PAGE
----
The forecast was for a trace to 2″ in higher elevations. Hah!
It started snowing around 10:00 AM, but nothing was sticking because temps weren’t below freezing. It started to stick around 11:00, but not much, and the temperatures were still above freezing. Many of us didn’t think that much about it because…oh, I don’t know. Because we all count on weather forecasts to be accurate now. Because whenever we all get excited about possible snow, it almost never materializes. Because it was sticking to some things, but the roads were still clear. Because last week was false spring in northwest Oregon, and we’ve collectively decided that the time for real winter has passed.
Some schools closed early, but many did not because it wasn’t supposed to freeze until later, after the snow was supposed to stop falling.
Many, many people ended up on the road around 3:30, when, instead of tapering off, the snow started falling harder and the temperature dropped. People like Cane and me, who had to go feed his daughter’s cat. We could have left to feed the cat earlier in the day, when his school closed at noon, but instead we took a nap. Because we were tired. Because we knew we could go later. Because there wasn’t that much snow on the road and it would probably melt. Because the weather was not a big deal.
Once in the car, we quickly realized our folly.
About a third of the way there we realized that even if we could get to said cat, we might not be able to get back home. That realization took us a bit of time to get to because denial is a strong persuader, and it’s hard to let go of our ideas about what we can and can’t control and how things are supposed to be. But finally, reluctantly, we admitted that the cat could live until we could get there the next day, but we might be in some trouble if we didn’t turn around. We ducked into a side street and went around the block to get ourselves going in the opposite direction on the street pictured above. We then moved two car lengths in 20 minutes. And while we were idling and trying to make a plan, we had the further realization that all of the routes home we might take included a slope of one kind or another.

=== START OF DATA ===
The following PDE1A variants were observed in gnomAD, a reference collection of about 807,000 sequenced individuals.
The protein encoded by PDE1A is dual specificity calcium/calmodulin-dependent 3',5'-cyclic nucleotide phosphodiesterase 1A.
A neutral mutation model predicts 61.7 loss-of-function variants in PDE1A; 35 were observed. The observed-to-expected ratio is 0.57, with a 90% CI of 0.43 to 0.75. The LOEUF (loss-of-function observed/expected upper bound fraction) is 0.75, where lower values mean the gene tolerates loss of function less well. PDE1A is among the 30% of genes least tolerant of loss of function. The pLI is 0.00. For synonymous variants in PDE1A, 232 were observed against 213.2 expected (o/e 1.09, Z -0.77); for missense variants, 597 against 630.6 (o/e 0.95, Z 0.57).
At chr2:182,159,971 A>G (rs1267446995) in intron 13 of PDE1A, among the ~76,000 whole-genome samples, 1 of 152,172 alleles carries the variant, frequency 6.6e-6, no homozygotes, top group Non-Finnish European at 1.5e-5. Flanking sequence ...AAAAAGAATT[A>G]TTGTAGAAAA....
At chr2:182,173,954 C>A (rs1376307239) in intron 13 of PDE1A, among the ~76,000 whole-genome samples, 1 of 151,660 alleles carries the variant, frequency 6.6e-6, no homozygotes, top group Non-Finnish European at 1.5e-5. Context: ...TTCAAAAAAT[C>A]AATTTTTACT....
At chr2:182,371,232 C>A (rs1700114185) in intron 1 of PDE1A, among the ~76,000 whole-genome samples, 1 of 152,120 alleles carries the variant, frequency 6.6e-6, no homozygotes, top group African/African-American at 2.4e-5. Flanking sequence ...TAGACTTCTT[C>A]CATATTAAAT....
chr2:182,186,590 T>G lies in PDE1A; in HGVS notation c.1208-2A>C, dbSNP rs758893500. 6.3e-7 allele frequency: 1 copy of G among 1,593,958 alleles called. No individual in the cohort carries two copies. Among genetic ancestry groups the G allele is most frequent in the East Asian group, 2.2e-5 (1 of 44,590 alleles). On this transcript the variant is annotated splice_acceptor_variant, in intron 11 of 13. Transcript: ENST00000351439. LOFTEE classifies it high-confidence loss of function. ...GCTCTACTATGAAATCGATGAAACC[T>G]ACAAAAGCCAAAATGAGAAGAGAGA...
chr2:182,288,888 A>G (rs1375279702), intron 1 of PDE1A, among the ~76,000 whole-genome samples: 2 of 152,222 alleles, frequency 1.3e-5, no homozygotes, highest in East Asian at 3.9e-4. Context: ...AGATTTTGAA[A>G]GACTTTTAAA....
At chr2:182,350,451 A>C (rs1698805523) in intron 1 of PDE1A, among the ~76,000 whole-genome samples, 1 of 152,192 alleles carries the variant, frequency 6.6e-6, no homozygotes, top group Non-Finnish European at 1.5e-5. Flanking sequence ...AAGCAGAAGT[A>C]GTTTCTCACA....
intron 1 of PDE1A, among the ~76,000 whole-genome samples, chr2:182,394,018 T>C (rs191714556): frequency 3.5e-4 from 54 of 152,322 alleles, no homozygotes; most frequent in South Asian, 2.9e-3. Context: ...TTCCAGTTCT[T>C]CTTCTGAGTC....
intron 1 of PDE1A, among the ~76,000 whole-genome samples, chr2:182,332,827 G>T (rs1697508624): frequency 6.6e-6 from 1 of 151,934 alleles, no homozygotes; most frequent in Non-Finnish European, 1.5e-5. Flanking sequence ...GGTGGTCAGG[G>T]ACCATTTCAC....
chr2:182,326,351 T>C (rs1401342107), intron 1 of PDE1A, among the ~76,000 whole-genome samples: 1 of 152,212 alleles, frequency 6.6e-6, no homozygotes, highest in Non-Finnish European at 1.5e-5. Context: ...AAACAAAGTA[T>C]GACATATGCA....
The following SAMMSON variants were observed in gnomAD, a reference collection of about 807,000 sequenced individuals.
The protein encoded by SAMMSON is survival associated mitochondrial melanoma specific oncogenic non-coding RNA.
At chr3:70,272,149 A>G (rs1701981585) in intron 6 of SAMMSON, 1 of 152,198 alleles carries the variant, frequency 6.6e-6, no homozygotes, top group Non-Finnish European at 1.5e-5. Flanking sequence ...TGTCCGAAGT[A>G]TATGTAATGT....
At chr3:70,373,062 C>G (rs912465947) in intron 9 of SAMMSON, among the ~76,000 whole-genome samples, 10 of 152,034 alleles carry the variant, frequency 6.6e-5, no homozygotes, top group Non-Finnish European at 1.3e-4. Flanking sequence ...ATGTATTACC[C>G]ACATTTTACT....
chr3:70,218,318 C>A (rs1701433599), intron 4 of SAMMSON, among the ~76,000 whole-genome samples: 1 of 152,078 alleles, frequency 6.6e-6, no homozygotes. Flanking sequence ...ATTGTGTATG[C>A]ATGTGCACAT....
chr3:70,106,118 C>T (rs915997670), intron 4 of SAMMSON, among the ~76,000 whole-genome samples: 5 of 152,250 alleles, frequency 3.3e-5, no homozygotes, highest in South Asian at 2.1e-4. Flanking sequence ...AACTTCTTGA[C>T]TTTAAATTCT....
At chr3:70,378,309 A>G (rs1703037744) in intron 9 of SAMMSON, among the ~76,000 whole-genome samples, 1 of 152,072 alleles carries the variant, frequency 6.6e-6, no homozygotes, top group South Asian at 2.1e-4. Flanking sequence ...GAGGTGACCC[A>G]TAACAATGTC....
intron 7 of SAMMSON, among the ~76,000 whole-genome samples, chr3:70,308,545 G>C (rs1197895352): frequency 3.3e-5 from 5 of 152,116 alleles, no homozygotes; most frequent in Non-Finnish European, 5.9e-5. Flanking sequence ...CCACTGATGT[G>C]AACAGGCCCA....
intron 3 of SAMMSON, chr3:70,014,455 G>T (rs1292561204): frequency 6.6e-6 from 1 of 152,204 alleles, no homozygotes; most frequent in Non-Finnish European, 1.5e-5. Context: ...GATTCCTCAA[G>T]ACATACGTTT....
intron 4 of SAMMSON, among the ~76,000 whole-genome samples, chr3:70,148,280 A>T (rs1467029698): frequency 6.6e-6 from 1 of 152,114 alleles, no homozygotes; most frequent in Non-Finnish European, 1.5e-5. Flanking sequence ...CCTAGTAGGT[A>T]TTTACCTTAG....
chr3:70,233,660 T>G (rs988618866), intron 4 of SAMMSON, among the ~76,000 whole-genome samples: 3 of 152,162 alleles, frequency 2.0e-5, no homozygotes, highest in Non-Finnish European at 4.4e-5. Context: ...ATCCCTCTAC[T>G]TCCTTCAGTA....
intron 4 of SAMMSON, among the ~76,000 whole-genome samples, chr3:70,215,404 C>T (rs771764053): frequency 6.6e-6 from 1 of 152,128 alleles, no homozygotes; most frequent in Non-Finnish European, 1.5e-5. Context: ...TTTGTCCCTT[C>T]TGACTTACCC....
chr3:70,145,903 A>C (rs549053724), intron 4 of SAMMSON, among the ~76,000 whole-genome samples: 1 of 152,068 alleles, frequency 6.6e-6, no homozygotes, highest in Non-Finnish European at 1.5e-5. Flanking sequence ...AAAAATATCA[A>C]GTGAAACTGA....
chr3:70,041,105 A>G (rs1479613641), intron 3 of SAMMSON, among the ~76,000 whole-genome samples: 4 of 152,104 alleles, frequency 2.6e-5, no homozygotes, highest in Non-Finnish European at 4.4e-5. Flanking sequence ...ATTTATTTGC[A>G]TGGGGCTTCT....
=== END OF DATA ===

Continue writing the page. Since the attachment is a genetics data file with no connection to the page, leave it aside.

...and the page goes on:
We needed to bail on the whole enterprise of driving.
We took the first turn onto a side street that we could, and we drove as far in the direction of our house as we could before hitting another clogged street or hill. Then, we parked our car on the side of the road, locked it, and began a nearly 2 mile walk to our house, with snow blowing in our faces in below-freezing temperatures.
Before we left the house, I’d grabbed a pair of thin, knit gloves I use for skating, but not my warm ski gloves. “It’s not like the horse is going to die and we’re going to have to get there on foot,” I’d joked, “but I feel like I should have something if we’re going out in bad weather.” I was sure I wouldn’t need them.
We walked a mile. We took our glasses off because we realized we could see better without them. The world felt a little apocalyptic.
We stopped at a bar to dry off and warm up because our pants and my silly gloves were soaking wet and my thighs had gone numb. Cane got his glasses out, and the frame snapped in two. We ordered a drink.
From the news playing on big screens, we learned that another 4-6″ was now expected to fall through the night. We realized we’d best get moving. So we did. More blowing snow. More trudging. More numb thighs and cold hands. And then we finally got home, around 6:30.
It kept snowing. And snowing. And snowing.
But our power stayed on, and we had food, and it was pretty, and we felt lucky.
It turned out to be the second-biggest snowfall that Portland’s ever recorded. (The #1 spot goes to a snow in 1943.) Ten inches wouldn’t be a very big deal in a lot of places, but it is here, where we rarely see that kind of accumulation. It took some guy on Reddit more than 12 hours to get home, and the news reported 6 hour commutes for many. Some people on interstate roadways walked away from their cars. It was a big deal because weren’t ready for it, we have little experience with it, and–because this kind of thing is rare–we don’t have a lot of infrastructure in place for it.
So much depends upon what you’re prepared for, doesn’t it?
The next day we took the bus to the cat. Had the whole thing to ourselves.
As I finish these words, we’re in the ugly stage of snow. It’s raining, and the view out my window is full of chunky, dirty-gray sludge. We should soon be back to our region’s normal. I’m going to miss our brief respite from normal. The night we walked home, we passed a sloping street with a long back-up of cars. Several people who lived along that street were out with snow shovels, helping people get their cars unstuck. Stories of good samaritans made the news. On Friday, the streets were quiet in the way they were during the early days of the pandemic. The few of us who were out smiled at each other more than we usually do. Our Thursday night was challenging, but now we’ve got a good story we’ll tell each other when snow falls in the future. It’s been a quiet weekend of leftovers and movies and puzzling. A big part of me hates to see it end.
Still, I know other good things are on the way, and it will always be true that change is the only constant.